New engagement reports

We have a couple of new reports for Pro and higher members. These break down your visitors' engagement levels to quite a bit of detail, both in terms of time on site as well as number of actions performed. The reports are quite self explanatory, as you can see from the screenshots below, so there's really not a whole lot to say here. We think these will be a big hit in particular with those of you who don't like our new bounce rate, because part of this report basically shows you the "old school" bounce rate: the number of visitors who had only 1 action.

This is available in a new dashboard module, as well as full reports with a bit more detail under the Visitors tab. We also added it to the iPhone web app. You can also get the data from the API. The docs have been updated with the new type values you will need to request.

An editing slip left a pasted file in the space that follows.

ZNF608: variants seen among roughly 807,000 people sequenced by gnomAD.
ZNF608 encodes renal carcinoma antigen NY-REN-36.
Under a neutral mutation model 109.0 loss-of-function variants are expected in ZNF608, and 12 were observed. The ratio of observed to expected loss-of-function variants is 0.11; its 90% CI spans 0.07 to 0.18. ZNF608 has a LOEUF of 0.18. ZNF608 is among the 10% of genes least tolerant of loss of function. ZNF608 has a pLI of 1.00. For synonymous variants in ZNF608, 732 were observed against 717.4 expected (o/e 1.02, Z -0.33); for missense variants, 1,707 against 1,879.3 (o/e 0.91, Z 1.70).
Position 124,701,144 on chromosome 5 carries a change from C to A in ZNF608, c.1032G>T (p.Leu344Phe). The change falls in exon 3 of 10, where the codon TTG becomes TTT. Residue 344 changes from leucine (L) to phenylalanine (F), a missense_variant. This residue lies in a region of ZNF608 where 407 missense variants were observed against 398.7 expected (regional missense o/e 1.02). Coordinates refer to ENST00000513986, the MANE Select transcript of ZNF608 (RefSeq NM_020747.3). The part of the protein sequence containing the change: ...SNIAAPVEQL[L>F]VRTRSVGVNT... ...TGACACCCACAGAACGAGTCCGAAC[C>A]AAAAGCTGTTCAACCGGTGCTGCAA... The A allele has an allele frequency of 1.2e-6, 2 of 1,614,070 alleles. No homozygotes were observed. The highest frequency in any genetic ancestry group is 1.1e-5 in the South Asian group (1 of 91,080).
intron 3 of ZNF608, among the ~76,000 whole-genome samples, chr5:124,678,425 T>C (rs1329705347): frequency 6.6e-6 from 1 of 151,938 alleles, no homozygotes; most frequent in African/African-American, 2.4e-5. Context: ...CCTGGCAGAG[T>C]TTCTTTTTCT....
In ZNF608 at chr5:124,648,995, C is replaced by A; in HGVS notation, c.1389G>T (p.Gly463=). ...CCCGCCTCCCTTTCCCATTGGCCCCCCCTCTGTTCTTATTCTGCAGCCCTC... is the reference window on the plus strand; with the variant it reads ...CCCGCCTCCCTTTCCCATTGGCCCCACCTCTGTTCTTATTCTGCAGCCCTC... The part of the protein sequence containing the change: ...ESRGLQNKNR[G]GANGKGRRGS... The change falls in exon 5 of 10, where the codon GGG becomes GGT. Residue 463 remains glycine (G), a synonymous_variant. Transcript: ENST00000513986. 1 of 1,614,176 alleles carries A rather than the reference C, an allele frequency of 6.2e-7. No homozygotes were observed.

7 comments |   May 11 2010 9:32pm

Why Clicky's new bounce rate is the best in the biz

The standard definition of a bounce is a visitor who only viewed one page on your web site. Your web site's bounce "rate" is the percentage of visitors who "bounced". This metric is supposed to give you a very generic estimate of your visitors' engagement level. If you have a high bounce rate, then your site is apparently very unengaging.

But are single-pageview visits really the best way to define engagement? In the age of blogs and social media, we don't think so.

Our new release added pinging support to our tracking code. This means that as a visitor to your site stays on a single page, they are still talking to our tracking servers, so we know they are still on your web site. This lets us determine how long a visitor is actually on your web site, even if they only have one pageview.

There is a significant difference between a visitor with one pageview who spends less than 30 seconds on your site, and a visitor with one pageview who spends 5 minutes on your site. But no other analytics service will tell you about this difference - no matter how long any single-pageview visitors are on your site, they are all considered bounces. We think this is horribly broken and misleading, so we decided to redefine what a bounce is.

How Clicky determines a bounce